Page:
The drop in engagement began in the second half of 2021 and was concurrent with the rise in job resignations. Managers, among others, experienced the greatest drop.
So, this rising problem could seriously affect the workplace of future for certain.
Client: Oh, this seems so scary! So why is quiet quitting happening now?
Coach Atip: According to an organizational behavior expert saying in GQ magazine, “Quiet quitting” is a way of dealing with burnout.
Burnout is a big risk in the workplace, especially amongst younger Gen Z professionals aged in their 20s. A survey of 30,000 workers by Microsoft showed 54% of Gen Z workers are considering quitting their job.
In its 2021 Global Risks Report, the World Economic Forum ranks “youth disillusionment” as eighth of 10 immediate risks. Findings include deteriorating mental health since the start of the pandemic, leaving 80% of young people worldwide vulnerable to depression, anxiety and disappointment.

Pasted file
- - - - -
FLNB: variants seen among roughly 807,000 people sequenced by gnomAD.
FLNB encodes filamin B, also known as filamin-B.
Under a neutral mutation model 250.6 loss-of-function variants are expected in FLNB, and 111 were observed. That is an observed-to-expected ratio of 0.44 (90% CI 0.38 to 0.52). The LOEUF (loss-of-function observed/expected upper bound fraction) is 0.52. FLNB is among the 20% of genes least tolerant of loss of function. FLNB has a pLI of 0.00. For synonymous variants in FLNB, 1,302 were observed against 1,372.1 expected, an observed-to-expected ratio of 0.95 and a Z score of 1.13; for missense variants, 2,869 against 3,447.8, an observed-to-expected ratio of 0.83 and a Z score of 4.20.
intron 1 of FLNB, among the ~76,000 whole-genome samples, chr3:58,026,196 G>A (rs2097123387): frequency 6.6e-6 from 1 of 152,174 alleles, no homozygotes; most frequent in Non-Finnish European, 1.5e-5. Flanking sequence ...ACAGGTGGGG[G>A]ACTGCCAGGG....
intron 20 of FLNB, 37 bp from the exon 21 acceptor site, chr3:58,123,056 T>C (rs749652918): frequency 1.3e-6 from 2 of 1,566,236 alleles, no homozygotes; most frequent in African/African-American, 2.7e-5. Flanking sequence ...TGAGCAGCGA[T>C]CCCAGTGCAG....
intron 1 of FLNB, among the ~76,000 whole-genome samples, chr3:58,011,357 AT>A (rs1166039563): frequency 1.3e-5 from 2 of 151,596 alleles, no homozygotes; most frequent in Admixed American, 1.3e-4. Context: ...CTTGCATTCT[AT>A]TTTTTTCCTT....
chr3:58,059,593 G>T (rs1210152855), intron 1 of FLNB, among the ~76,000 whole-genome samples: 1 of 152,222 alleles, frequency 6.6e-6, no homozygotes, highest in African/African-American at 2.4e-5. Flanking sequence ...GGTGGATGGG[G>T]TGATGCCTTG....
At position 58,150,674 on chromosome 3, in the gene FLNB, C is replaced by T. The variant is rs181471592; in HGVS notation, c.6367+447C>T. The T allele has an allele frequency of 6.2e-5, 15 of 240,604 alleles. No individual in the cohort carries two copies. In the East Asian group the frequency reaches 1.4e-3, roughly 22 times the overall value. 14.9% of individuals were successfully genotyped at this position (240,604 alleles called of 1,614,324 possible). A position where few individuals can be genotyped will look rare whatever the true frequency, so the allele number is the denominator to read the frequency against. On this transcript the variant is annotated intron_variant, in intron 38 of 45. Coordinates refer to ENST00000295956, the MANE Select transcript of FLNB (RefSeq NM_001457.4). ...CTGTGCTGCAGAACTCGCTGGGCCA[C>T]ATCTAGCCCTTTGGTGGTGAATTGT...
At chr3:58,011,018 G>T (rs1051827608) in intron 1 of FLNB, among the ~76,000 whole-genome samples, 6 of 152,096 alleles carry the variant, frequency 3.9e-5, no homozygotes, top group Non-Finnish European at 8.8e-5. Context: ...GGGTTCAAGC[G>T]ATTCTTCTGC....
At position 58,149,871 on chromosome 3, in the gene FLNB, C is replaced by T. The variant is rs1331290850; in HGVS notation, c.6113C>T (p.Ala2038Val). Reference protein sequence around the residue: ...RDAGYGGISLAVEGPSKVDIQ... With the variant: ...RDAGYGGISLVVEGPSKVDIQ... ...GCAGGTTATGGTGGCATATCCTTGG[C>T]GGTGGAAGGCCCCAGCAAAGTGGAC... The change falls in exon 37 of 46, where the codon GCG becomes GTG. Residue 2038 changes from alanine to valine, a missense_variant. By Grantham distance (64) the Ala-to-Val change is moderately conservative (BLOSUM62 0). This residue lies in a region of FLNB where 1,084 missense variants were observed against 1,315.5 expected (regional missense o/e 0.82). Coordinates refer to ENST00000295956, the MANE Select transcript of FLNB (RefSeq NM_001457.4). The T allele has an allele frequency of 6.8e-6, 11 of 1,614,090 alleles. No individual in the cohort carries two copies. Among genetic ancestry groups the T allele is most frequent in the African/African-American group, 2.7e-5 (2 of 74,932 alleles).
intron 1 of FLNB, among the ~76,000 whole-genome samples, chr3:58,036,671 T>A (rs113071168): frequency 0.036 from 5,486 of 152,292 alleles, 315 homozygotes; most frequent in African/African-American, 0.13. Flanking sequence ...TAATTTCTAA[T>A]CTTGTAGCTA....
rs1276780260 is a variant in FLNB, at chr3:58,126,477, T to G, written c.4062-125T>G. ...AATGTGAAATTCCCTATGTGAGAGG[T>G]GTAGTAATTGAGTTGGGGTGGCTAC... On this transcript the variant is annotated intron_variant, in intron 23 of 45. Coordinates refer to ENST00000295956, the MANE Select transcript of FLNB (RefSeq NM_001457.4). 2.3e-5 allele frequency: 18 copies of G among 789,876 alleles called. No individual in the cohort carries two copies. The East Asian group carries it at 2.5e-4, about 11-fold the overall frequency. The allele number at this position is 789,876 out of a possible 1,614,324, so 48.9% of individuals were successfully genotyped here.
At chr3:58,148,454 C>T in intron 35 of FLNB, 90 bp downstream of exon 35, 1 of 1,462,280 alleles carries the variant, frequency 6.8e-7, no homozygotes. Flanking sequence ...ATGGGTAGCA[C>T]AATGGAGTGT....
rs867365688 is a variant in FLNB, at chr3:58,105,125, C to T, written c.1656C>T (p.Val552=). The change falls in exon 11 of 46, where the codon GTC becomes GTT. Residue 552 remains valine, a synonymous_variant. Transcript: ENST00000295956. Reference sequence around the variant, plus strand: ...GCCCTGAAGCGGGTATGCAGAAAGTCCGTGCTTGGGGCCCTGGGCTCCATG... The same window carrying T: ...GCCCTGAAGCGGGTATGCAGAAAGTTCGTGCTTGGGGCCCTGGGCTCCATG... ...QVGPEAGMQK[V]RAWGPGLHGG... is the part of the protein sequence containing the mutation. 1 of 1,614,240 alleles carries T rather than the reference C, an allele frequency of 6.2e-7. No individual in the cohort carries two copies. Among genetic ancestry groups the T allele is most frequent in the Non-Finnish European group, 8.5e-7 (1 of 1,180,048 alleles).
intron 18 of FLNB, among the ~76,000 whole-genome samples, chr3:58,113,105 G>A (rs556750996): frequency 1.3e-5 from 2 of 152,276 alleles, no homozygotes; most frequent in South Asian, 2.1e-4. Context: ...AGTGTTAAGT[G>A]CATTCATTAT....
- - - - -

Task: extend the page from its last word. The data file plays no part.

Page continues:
In addition to burnout, another cause of quiet quitting job is… people want more variety in their lives. More people are quitting 9-to-5 jobs to start their own businesses or try non-traditional work like temporary, gig or part-time roles.
A survey result from McKinsey also shows that some people are quitting to take a break or care for family, as remote working has removed boundaries for working or living overseas.
Gen Z workers aged 18-24 years most value flexibility and meaningful work, while Millennials and Gen Xers aged between about 25 and 45 years are largely the ones trying self-employment and new types of work. Experts say the ‘passion economy’ – where people do more of what they love.